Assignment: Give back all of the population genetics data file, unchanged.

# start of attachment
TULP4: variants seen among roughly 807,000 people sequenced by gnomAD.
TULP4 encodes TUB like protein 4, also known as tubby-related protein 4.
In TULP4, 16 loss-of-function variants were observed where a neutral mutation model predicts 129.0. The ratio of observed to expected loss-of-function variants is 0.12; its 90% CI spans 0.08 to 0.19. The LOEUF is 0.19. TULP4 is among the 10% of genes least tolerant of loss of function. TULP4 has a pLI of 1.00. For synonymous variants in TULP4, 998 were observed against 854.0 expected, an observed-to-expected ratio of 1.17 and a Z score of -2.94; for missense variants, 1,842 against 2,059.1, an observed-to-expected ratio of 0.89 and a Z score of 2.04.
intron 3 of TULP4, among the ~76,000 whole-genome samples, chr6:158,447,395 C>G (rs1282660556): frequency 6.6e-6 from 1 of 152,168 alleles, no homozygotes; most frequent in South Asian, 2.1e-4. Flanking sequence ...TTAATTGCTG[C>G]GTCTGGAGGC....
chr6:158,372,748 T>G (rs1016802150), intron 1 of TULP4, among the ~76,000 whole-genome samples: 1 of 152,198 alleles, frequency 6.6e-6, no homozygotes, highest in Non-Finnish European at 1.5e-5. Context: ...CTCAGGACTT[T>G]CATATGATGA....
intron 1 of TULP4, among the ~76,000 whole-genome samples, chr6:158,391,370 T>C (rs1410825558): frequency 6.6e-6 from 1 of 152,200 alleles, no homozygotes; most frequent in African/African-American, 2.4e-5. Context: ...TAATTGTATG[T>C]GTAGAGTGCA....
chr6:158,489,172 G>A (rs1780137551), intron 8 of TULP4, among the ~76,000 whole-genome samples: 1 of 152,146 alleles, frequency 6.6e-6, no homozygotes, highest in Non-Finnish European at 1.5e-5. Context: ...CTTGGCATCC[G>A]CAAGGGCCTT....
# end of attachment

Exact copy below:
TULP4: variants seen among roughly 807,000 people sequenced by gnomAD.
TULP4 encodes TUB like protein 4, also known as tubby-related protein 4.
In TULP4, 16 loss-of-function variants were observed where a neutral mutation model predicts 129.0. The ratio of observed to expected loss-of-function variants is 0.12; its 90% CI spans 0.08 to 0.19. The LOEUF is 0.19. TULP4 is among the 10% of genes least tolerant of loss of function. TULP4 has a pLI of 1.00. For synonymous variants in TULP4, 998 were observed against 854.0 expected, an observed-to-expected ratio of 1.17 and a Z score of -2.94; for missense variants, 1,842 against 2,059.1, an observed-to-expected ratio of 0.89 and a Z score of 2.04.
intron 3 of TULP4, among the ~76,000 whole-genome samples, chr6:158,447,395 C>G (rs1282660556): frequency 6.6e-6 from 1 of 152,168 alleles, no homozygotes; most frequent in South Asian, 2.1e-4. Flanking sequence ...TTAATTGCTG[C>G]GTCTGGAGGC....
chr6:158,372,748 T>G (rs1016802150), intron 1 of TULP4, among the ~76,000 whole-genome samples: 1 of 152,198 alleles, frequency 6.6e-6, no homozygotes, highest in Non-Finnish European at 1.5e-5. Context: ...CTCAGGACTT[T>G]CATATGATGA....
intron 1 of TULP4, among the ~76,000 whole-genome samples, chr6:158,391,370 T>C (rs1410825558): frequency 6.6e-6 from 1 of 152,200 alleles, no homozygotes; most frequent in African/African-American, 2.4e-5. Context: ...TAATTGTATG[T>C]GTAGAGTGCA....
chr6:158,489,172 G>A (rs1780137551), intron 8 of TULP4, among the ~76,000 whole-genome samples: 1 of 152,146 alleles, frequency 6.6e-6, no homozygotes, highest in Non-Finnish European at 1.5e-5. Context: ...CTTGGCATCC[G>A]CAAGGGCCTT....